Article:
By Maria Terry
I love St. Patrick’s Day because it is a holiday that celebrates fun. Usually, there isn’t an extensive family commitment. There aren’t any presents to buy, costumes to make or eggs to hide. All there is to do is have a good time. For me, this means making a St. Patrick’s meal that offers flavors from around the world.
My favorite cocktail is a Cuban Mojito: a cool, green concoction made from tangy limes and pungent mint balanced with the sweetness of sugar. With or without the rum, it goes well with just about every appetizer. A heaping plate of Mexican nachos would be a bonny way to start off the evening with your Mojito.
As for the main meal, corned beef and cabbage is a classic Irish dish. You can buy great pre-seasoned corned beef at most supermarkets. It is tasty and easy to cook.
But, instead of the expected green cabbage, try my mom’s recipe for Hungarian red cabbage. Its sweet and sour flavors work nicely with the piquant spices in the meat.
Since we are now in Eastern Europe, how about some German spaetzle as a fun alternative to the ubiquitous potatoes?
As for the wine, there is no question that the crazy flavors on this plate would play havoc with most of the usual suspects. Hunt down a sparkling, red wine like shiraz from Australia. Shiraz is the Aussie’s name for what we call syrah. The fresh berry flavors and a festive fizz will complement the food’s bold flavors and cleanse the palate. If you cannot find a sparkling Shiraz, look for an Italian Lambrusco or a fruity California Pinot Noir.
But wait, here we are at the end of the meal and there has been no mention of beer. Why not drink it for dessert? Many people like red wine and dark chocolate, I like a creamy Scottish ale and Swiss milk chocolate. Give it a try and tell me what you think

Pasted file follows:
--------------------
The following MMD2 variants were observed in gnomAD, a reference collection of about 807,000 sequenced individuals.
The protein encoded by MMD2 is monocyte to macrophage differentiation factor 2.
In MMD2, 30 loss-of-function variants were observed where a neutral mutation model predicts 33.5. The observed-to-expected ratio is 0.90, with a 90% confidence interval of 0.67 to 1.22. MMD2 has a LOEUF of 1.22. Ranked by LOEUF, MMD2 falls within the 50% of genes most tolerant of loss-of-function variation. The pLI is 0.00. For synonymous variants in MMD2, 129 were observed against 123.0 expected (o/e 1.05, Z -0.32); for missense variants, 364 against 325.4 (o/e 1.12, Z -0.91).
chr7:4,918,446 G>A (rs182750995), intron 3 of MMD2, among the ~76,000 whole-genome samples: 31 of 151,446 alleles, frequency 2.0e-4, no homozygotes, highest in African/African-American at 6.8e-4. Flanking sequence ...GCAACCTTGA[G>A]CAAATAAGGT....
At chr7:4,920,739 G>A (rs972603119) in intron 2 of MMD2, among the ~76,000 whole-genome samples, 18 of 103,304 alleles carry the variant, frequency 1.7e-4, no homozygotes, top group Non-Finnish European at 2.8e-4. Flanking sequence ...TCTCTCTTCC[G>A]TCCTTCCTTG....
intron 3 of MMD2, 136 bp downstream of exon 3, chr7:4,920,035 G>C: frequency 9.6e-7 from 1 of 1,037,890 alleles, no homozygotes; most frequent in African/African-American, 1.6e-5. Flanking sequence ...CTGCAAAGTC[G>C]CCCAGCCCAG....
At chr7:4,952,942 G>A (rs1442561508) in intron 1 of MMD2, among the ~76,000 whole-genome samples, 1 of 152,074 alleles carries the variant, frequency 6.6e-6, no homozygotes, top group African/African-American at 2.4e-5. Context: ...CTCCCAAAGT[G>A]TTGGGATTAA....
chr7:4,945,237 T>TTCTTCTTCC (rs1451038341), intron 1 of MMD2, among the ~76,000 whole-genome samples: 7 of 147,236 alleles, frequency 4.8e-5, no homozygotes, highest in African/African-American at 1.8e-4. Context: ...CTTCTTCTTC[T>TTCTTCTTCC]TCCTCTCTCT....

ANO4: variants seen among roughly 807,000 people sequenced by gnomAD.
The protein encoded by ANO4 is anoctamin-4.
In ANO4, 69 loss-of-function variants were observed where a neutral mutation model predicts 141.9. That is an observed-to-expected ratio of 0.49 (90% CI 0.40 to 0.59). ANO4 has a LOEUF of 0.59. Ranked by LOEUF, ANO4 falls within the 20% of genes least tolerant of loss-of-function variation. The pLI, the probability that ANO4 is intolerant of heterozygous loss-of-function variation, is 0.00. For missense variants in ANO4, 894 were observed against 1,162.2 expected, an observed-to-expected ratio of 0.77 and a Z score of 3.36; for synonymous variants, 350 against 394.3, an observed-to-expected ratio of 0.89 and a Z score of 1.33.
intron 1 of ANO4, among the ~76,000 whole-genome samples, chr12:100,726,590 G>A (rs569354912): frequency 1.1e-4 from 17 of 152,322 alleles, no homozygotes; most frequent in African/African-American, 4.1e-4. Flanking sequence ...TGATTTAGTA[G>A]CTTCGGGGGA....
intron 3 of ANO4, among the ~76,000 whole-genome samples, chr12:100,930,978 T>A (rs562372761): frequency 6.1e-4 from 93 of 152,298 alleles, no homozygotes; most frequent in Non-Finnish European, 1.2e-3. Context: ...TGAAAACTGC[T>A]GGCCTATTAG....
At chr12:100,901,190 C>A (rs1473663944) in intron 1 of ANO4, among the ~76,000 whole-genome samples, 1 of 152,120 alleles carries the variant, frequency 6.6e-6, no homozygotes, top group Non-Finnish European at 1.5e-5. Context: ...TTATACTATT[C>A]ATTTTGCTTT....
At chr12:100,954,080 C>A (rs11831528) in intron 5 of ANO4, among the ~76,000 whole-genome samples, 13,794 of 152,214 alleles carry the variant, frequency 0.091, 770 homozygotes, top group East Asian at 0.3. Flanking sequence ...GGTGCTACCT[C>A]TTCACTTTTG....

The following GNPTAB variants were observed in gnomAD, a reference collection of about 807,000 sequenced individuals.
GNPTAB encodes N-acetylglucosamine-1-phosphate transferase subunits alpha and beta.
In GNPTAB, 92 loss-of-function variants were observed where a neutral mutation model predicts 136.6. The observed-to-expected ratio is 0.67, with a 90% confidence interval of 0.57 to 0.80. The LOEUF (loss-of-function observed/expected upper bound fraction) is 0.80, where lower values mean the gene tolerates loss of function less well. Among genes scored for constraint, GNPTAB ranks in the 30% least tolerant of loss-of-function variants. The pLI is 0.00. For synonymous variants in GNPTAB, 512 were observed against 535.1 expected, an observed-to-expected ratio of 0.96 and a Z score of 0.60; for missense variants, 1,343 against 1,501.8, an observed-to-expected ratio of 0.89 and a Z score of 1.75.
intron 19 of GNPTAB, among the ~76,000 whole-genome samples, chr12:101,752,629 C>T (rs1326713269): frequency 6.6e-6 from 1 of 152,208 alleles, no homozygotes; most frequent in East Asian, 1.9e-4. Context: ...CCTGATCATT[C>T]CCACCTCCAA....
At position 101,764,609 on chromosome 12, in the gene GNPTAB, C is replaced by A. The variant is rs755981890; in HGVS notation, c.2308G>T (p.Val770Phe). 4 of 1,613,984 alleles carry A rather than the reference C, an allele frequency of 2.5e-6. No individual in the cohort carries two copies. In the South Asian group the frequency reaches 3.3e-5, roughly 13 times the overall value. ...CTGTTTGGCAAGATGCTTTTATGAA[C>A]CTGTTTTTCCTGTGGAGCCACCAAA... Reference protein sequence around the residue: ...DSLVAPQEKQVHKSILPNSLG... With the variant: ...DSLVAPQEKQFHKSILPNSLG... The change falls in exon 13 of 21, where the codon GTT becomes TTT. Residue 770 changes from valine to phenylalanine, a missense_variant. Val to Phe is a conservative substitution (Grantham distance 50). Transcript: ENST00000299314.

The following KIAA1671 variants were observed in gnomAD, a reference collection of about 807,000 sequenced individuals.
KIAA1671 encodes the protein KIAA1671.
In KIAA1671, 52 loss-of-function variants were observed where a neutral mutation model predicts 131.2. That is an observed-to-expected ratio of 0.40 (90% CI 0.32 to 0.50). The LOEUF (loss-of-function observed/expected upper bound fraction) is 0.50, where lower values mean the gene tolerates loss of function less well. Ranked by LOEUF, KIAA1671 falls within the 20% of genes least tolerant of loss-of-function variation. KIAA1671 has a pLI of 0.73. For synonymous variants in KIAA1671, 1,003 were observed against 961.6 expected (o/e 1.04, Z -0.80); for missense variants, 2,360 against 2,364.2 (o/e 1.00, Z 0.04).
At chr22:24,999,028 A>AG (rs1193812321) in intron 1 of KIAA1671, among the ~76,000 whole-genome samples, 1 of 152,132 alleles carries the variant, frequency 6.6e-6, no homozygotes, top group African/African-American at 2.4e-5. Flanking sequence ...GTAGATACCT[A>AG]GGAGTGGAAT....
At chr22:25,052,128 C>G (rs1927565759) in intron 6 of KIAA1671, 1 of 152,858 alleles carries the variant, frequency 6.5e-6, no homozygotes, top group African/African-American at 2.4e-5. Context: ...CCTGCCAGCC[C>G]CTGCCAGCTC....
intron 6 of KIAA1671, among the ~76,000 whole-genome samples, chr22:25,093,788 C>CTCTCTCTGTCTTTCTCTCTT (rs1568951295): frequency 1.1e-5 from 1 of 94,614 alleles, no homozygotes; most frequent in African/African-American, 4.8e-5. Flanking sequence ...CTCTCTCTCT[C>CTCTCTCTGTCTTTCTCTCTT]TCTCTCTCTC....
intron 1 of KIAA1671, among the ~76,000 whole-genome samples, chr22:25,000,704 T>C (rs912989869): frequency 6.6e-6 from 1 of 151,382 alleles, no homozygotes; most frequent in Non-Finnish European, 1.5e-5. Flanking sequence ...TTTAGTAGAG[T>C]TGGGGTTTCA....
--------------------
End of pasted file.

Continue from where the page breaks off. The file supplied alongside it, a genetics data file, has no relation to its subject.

So, go on. Pair Up!
HUNGARIAN SWEET RED CABBAGE
½ small head red cabbage
1 tablespoon combination of butter and oil
2 tablespoons water
2 tablespoons white vinegar
2 tablespoons sugar
Salt & pepper
Slice cabbage into thin shreds. Sauté in butter/oil until beginning to soften. Add water and vinegar and cook about 15 minutes.
Mix in sugar and season with salt and pepper to taste.
Yield: (6) ½ cup servings
2 cups flour
½ teaspoon salt
Pepper to taste
½ – ¾ cup water
In a large bowl, combine the flour, salt, and pepper. Make a well in the center of the flour and add the eggs and water. Starting from the center, mix until it becomes a stiff dough. If dough is too sticky, add a little flour.
You can knead the dough, roll it out and cut it into your desired size and shape or just drop small blobs directly into boiling salted water (usually the smaller the better). When they are done, they will rise to the surface. Serve with melted butter. Sprinkle with parsley flakes and a dash of paprika.
Yield: (6) ½ cup servings
Maria Terry is a Certified Sommelier and Wine Educator in Northern California. www.LaSommelierre.com